Sept. 30, 2014 SIGN IN | REGISTER

Deficit Panel Taking Work Behind Closed Doors

The Joint Committee on Deficit Reduction will hold its first full-member closed-door session Thursday morning, multiple sources have confirmed.

The panel, which is tasked with finding $1.2 trillion to $1.5 trillion in savings over the next 10 years, has met twice publicly, and members from both parties have met among themselves.

Advance notice of private meetings of the super committee is not required. The rules approved in the group’s first meeting dictate that public hearings must be announced seven days in advance.

Multiple sources close to the committee indicated that co-Chairs Sen. Patty Murray (D-Wash.) and Rep. Jeb Hensarling (R-Texas) are likely to announce the next round of public events Thursday.

The agenda for the group’s next meeting has not yet been set, according to Rep. Dave Camp (R-Mich.), who told reporters in the Speaker’s Lobby on Wednesday that the panel would convene in private Thursday.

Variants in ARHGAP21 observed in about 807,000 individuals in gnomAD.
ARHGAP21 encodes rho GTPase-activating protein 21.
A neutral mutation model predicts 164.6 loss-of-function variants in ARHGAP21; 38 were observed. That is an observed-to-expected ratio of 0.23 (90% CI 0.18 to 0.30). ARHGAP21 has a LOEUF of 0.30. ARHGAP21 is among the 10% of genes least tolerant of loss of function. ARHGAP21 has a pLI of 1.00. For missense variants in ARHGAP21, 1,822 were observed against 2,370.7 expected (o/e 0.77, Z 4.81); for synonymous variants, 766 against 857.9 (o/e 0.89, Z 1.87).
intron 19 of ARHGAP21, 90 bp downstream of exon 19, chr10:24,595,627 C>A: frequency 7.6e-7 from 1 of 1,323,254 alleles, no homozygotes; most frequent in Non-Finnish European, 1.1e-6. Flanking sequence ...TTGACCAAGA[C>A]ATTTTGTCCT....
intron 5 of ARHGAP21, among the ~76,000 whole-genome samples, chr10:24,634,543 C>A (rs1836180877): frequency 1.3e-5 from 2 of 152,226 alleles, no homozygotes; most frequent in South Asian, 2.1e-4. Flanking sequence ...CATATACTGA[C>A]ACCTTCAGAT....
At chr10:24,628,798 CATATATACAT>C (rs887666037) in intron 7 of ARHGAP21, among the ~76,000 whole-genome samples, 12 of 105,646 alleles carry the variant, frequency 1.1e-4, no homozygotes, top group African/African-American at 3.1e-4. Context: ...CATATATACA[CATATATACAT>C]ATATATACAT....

In their first two sessions, lawmakers in both parties emphasized that the group can find points of common ground based on previous bipartisan efforts, such as the recommendations released in December 2010 by the president’s deficit commission, and areas of agreement in last spring’s bipartisan, bicameral negotiating group led by Vice President Joseph Biden.

Tuesday’s public hearing of the joint committee included testimony from Congressional Budget Office Director Douglas Elmendorf. Sources close to the committee indicated the intent of the public sessions is to allow experts and the public to weigh in on the issues of deficit reduction and the economy.

But not all lawmakers were pleased at the news of the closed-door meeting.

Freshman Sen. Dean Heller released a statement Wednesday afternoon knocking the panel’s decision to meet out of public view.

“The American people, along with my colleagues from both sides of the aisle, have repeatedly asked the Super Committee to ensure the integrity of its process by opening all of its meetings to the public,” the Nevada Republican said. “I’m disappointed that they’ve decided to yet again ignore the American people’s right to know and have instead resigned to more inside-baseball negotiations. It is my fear that this first closed-door meeting will be the first of many. Given the extraordinary jurisdiction of this Committee, meetings should be held in full daylight for the public to see.”

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